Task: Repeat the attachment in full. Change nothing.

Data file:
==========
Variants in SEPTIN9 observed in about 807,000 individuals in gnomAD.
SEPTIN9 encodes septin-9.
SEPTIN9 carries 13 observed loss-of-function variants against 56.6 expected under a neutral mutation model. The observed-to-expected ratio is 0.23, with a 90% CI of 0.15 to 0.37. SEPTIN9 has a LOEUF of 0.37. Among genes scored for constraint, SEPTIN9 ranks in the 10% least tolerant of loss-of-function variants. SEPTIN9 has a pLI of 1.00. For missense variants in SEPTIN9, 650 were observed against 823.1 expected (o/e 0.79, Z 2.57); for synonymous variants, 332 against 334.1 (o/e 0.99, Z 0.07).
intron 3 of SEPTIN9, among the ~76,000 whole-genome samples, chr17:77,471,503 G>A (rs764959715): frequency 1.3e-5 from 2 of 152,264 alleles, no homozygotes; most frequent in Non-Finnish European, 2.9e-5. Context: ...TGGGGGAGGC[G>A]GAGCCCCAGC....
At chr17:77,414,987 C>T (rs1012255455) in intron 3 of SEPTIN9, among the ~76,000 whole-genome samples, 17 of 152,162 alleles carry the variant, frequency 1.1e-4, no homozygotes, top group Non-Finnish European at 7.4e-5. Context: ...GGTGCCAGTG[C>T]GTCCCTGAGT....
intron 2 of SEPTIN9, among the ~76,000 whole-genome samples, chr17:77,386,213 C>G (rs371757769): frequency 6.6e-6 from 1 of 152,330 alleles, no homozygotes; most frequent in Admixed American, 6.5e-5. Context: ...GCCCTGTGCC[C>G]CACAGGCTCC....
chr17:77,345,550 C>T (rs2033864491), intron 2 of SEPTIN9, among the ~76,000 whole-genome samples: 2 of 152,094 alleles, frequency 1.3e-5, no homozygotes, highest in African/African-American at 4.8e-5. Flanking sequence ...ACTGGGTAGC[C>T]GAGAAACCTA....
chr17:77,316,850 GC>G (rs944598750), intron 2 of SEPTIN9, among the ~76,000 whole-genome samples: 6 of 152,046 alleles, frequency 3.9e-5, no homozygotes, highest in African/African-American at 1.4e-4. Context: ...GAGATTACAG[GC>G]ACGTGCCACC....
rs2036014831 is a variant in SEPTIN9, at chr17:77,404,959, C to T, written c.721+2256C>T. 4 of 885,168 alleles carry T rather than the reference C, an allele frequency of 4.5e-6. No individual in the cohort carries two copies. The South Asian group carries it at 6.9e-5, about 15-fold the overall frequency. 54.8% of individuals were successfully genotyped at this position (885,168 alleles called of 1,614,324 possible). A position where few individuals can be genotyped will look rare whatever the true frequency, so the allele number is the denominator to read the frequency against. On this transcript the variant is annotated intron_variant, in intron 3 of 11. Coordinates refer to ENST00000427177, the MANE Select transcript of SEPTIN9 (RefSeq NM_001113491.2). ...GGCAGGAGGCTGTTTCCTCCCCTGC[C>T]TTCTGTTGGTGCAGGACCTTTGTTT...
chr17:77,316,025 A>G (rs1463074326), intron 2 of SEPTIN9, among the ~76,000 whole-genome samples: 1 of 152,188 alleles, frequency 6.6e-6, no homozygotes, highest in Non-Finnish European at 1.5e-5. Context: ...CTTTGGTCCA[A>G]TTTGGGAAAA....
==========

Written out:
Variants in SEPTIN9 observed in about 807,000 individuals in gnomAD.
SEPTIN9 encodes septin-9.
SEPTIN9 carries 13 observed loss-of-function variants against 56.6 expected under a neutral mutation model. The observed-to-expected ratio is 0.23, with a 90% CI of 0.15 to 0.37. SEPTIN9 has a LOEUF of 0.37. Among genes scored for constraint, SEPTIN9 ranks in the 10% least tolerant of loss-of-function variants. SEPTIN9 has a pLI of 1.00. For missense variants in SEPTIN9, 650 were observed against 823.1 expected (o/e 0.79, Z 2.57); for synonymous variants, 332 against 334.1 (o/e 0.99, Z 0.07).
intron 3 of SEPTIN9, among the ~76,000 whole-genome samples, chr17:77,471,503 G>A (rs764959715): frequency 1.3e-5 from 2 of 152,264 alleles, no homozygotes; most frequent in Non-Finnish European, 2.9e-5. Context: ...TGGGGGAGGC[G>A]GAGCCCCAGC....
At chr17:77,414,987 C>T (rs1012255455) in intron 3 of SEPTIN9, among the ~76,000 whole-genome samples, 17 of 152,162 alleles carry the variant, frequency 1.1e-4, no homozygotes, top group Non-Finnish European at 7.4e-5. Context: ...GGTGCCAGTG[C>T]GTCCCTGAGT....
intron 2 of SEPTIN9, among the ~76,000 whole-genome samples, chr17:77,386,213 C>G (rs371757769): frequency 6.6e-6 from 1 of 152,330 alleles, no homozygotes; most frequent in Admixed American, 6.5e-5. Context: ...GCCCTGTGCC[C>G]CACAGGCTCC....
chr17:77,345,550 C>T (rs2033864491), intron 2 of SEPTIN9, among the ~76,000 whole-genome samples: 2 of 152,094 alleles, frequency 1.3e-5, no homozygotes, highest in African/African-American at 4.8e-5. Flanking sequence ...ACTGGGTAGC[C>T]GAGAAACCTA....
chr17:77,316,850 GC>G (rs944598750), intron 2 of SEPTIN9, among the ~76,000 whole-genome samples: 6 of 152,046 alleles, frequency 3.9e-5, no homozygotes, highest in African/African-American at 1.4e-4. Context: ...GAGATTACAG[GC>G]ACGTGCCACC....
rs2036014831 is a variant in SEPTIN9, at chr17:77,404,959, C to T, written c.721+2256C>T. 4 of 885,168 alleles carry T rather than the reference C, an allele frequency of 4.5e-6. No individual in the cohort carries two copies. The South Asian group carries it at 6.9e-5, about 15-fold the overall frequency. 54.8% of individuals were successfully genotyped at this position (885,168 alleles called of 1,614,324 possible). A position where few individuals can be genotyped will look rare whatever the true frequency, so the allele number is the denominator to read the frequency against. On this transcript the variant is annotated intron_variant, in intron 3 of 11. Coordinates refer to ENST00000427177, the MANE Select transcript of SEPTIN9 (RefSeq NM_001113491.2). ...GGCAGGAGGCTGTTTCCTCCCCTGC[C>T]TTCTGTTGGTGCAGGACCTTTGTTT...
chr17:77,316,025 A>G (rs1463074326), intron 2 of SEPTIN9, among the ~76,000 whole-genome samples: 1 of 152,188 alleles, frequency 6.6e-6, no homozygotes, highest in Non-Finnish European at 1.5e-5. Context: ...CTTTGGTCCA[A>G]TTTGGGAAAA....